The facts in this case are stipulated to. The petitioner served the year 1928-29 as a probationary teacher and served a complete school year. During the middle of the next year she voluntarily changed her classification from that of a probationer to that of a substitute teacher. The next year she served partly in one capacity and partly in the other. Under this situation she is not entitled to a permanent rating.
 Furthermore, respondents assert with apparent justification that regardless of the distinctions between substitute and probationary employment, petitioner did not serve two complete consecutive years as teacher. "Complete" is defined in Webster's Dictionary as "free from deficiency, entire, absolutely finished". In Webster's New International Dictionary the definition appears as, "filled up, with no part, item, or element lacking; free from deficiency, entire, perfect, consummate". It appears that a complete school year of the district consists of approximately 200 teaching days, although it was stipulated that under the rules of the board of education applicable at that time, a teacher who is credited by the board with 195 days during a school year is entitled to credit for a complete school year. Following this rule the year 1928-29 of petitioner was a complete school year. The year 1929-30 petitioner was credited with and was paid for only 191 days. That was not a complete school year. The year 1930-31 was again a complete year, but not having served a complete year the year before, she was starting all over again. Using service only as the test, petitioner's contention is not sustained by the facts. For the reasons stated the petitioner is not entitled to permanent classification.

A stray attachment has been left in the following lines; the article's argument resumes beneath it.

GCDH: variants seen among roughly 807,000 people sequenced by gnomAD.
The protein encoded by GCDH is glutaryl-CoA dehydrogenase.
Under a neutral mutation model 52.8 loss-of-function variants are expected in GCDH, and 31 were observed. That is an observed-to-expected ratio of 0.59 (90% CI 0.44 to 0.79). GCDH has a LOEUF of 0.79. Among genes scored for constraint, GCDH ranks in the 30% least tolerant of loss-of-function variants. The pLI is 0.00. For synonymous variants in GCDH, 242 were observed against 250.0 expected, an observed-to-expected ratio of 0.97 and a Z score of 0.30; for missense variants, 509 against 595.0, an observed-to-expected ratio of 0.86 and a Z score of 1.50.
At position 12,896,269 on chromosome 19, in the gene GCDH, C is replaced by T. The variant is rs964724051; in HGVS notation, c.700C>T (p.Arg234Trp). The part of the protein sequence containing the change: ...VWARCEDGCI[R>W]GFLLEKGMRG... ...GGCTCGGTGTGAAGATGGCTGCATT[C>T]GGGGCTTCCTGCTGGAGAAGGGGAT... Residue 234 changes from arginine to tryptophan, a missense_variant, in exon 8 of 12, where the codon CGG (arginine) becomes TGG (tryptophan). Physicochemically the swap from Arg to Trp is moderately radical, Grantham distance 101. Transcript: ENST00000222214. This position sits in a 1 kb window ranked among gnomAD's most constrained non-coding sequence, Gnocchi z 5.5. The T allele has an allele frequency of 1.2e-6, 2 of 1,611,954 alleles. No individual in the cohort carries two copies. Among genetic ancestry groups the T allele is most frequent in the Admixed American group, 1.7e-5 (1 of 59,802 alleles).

Stephens, P.J., and Willis, J., pro tem., concurred.
A petition by appellant to have the cause heard in the Supreme Court, after judgment in the District Court of Appeal, was denied by the Supreme Court on June 20, 1935.